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Thomas Mitchell

And you thought the 13th Amendment prohibited involuntary servitude.

This past week Nevada’s Democratic Attorney General Aaron Ford joined a coalition of 23 states and local governments in filing a lawsuit against the Trump administration’s Department of Health and Human Services (HHS) rule aiming to protect health care providers from having to provide services contrary to one’s “religious beliefs or moral convictions” — such as abortion, contraception, sterilization, assisted suicide or transgender hormone treatment or surgery.

The so-called Final Rule was announced in early May by Roger Severino, director of the Office for Civil Rights at HHS. He said in a statement that the rule “provides enforcement tools to federal conscience protections that have been on the books for decades” and “does not create new substantive rights.”

Severino added, “Finally, laws prohibiting government-funded discrimination against conscience and religious freedom will be enforced like every other civil rights law.”

Ford said in a statement accompanying the announcement of Nevada’s role in the litigation, “The Department of Health and Human Services’ rule would allow individuals and entire institutions to deny lawful and medically necessary care to patients, even in cases of emergencies,” though it is difficult to conjure what constitutes an “emergency” abortion, assisted suicide of transgender treatment.

The crux of the lawsuit is money.

The lawsuit and Ford’s press release note that noncompliance with the 440-page Final Rule could result in the denial of federal funding. The lawsuit alleges this could amount to hundreds of billions of dollars each year.

Ford’s statement further argues “the Final Rule, which will take effect in July 2019, would undermine the delivery of health care by giving a wide range of health care institutions and individuals a right to refuse care, based on the provider’s own personal views. … The Rule makes this right absolute and categorical: no matter what reasonable steps a health provider or employer makes to accommodate the views of an objecting individual, if that individual rejects a proposed accommodation, a provider or employer is left with no recourse.”

The Wall Street Journal noted at the time the Final Rule was announced that it is an outgrowth of President Trump’s 2017 executive order that included a section on “conscience protections.” The order was seen as a direct response to some Obama administration orders.

“Several religious groups, for example, battled the Obama administration over the Affordable Care Act’s mandate that employers and insurers provide no-cost contraceptive coverage for employees,” the newspaper reported.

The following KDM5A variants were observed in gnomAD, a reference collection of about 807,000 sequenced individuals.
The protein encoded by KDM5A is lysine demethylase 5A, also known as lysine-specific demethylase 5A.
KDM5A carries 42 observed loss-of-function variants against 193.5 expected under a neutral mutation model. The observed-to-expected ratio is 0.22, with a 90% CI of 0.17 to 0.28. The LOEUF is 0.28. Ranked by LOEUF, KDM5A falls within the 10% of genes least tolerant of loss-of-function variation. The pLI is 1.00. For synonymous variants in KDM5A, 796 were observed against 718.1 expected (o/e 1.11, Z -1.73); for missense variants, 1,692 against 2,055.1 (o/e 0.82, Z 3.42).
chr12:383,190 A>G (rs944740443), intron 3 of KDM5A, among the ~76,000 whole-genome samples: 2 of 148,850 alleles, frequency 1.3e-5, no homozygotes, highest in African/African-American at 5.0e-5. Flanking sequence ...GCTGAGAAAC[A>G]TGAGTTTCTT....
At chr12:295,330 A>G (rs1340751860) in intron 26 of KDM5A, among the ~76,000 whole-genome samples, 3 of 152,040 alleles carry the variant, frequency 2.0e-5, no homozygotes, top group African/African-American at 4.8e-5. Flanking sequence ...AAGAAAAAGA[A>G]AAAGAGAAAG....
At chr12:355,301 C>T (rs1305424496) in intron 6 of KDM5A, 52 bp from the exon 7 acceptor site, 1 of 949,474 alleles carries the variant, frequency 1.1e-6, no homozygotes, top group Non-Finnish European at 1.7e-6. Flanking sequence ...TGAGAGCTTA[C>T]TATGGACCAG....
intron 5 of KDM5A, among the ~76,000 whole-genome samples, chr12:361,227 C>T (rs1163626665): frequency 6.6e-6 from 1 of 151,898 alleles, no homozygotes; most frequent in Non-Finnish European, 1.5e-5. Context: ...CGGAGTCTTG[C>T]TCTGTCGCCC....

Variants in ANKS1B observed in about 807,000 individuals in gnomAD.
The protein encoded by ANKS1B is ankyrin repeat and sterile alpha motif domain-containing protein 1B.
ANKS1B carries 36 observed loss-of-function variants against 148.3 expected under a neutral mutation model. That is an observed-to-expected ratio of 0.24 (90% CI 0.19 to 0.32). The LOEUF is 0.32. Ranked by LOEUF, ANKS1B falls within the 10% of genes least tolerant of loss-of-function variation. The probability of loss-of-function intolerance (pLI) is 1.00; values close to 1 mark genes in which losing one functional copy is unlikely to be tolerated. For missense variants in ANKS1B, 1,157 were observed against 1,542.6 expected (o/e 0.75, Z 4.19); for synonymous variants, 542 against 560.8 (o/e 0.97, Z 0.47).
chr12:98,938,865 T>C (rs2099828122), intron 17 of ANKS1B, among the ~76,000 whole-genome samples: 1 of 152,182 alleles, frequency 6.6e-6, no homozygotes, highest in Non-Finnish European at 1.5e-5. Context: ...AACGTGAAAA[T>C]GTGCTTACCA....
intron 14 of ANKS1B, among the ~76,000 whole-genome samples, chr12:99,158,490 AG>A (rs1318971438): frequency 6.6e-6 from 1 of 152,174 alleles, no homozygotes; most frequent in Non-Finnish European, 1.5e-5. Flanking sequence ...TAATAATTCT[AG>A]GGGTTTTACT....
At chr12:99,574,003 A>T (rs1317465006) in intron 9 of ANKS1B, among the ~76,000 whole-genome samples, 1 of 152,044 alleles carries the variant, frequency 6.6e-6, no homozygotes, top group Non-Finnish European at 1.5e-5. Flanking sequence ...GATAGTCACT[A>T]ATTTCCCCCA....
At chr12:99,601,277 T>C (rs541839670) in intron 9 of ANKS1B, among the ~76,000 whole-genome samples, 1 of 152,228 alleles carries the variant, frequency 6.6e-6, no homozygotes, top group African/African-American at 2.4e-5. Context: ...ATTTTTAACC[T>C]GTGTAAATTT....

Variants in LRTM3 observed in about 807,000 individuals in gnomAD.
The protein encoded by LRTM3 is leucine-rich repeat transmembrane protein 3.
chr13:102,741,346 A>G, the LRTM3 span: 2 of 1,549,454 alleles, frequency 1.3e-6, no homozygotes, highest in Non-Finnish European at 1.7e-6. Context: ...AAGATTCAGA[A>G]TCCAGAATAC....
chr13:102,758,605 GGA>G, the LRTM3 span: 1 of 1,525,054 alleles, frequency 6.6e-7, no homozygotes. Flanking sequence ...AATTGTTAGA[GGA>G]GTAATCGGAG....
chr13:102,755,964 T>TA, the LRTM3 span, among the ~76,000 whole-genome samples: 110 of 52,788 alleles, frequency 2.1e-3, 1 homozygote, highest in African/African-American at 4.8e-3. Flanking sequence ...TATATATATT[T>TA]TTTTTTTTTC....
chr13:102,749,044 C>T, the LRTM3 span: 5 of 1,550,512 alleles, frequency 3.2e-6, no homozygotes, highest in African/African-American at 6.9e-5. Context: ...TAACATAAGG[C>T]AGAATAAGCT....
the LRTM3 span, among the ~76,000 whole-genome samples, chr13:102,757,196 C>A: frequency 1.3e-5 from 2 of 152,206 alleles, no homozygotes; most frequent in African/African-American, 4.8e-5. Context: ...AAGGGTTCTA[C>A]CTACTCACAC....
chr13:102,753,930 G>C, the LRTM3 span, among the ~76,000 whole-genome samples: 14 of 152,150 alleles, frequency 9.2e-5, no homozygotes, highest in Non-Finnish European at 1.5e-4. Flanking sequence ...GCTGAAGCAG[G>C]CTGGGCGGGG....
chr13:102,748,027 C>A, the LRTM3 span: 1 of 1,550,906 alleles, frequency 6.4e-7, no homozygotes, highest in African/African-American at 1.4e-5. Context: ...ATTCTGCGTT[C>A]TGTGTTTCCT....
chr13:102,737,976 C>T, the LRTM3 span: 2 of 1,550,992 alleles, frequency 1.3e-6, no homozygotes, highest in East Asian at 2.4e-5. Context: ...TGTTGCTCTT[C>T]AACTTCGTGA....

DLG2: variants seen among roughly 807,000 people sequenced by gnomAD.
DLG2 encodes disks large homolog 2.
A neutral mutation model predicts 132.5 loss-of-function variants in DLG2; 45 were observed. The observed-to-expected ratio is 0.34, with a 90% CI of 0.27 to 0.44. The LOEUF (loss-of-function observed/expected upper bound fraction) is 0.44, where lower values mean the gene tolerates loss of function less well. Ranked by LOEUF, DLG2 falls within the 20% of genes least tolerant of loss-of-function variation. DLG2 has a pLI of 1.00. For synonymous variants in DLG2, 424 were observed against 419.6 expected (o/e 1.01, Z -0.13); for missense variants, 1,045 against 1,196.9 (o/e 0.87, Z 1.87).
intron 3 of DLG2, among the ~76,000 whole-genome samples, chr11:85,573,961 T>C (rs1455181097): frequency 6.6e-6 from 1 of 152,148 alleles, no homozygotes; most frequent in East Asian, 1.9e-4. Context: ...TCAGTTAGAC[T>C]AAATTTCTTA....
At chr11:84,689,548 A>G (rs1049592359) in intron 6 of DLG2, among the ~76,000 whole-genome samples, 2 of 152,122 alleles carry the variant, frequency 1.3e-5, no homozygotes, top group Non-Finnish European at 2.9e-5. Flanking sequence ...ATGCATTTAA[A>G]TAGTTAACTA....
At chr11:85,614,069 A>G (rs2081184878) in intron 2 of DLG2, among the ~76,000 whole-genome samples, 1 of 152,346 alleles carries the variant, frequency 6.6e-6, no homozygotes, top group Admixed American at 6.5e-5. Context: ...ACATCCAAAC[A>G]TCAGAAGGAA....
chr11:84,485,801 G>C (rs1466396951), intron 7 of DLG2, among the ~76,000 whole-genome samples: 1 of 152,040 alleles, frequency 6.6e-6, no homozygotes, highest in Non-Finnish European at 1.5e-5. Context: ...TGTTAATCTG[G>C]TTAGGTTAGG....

Kevin Theriot, vice president of Alliance Defending Freedom, told the National Catholic Register earlier this month that those who have conscientious objections to procedures are not discriminating.

“Our clients that have conscientious objections to participating in abortion or participating in, for instance, sex-change therapy or any of those kinds of things, they don’t discriminate based upon a person’s sexual orientation or their sex or anything like that,” Theriot was quoted as saying. “What they’re saying is they shouldn’t be forced to participate in a procedure that violates their convictions. They won’t do that procedure for anybody, so there’s no discrimination going on at all. What’s going on is acknowledging our time-honored practice here in America of respecting rights of conscience.”

As an example of the problem, the Catholic publication noted an example of a New York nurse who was forced to participate in an abortion procedure despite her conscientious objection as a Catholic.

“I’ll never forget the day my supervisor ignored the law and forced me to participate in an abortion. I still have nightmares about that day,” the nurse said in a statement. “As an immigrant to America because of the freedom and opportunity I saw here, today I’m hopeful that HHS’ new rule will help make sure that no other nurses or health care professionals will be forced to go through what I did and that their rights will be protected.”

Theriot noted that the Supreme Court has repeatedly found that each person determines his or her own conscience, not the government.

And you thought the First Amendment prohibited Congress from abridging the free exercise of religion.

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Thomas Mitchell is a longtime Nevada newspaper columnist. You may email him at thomasmnv@yahoo.com. He also blogs at http://4thst8.wordpress.com.

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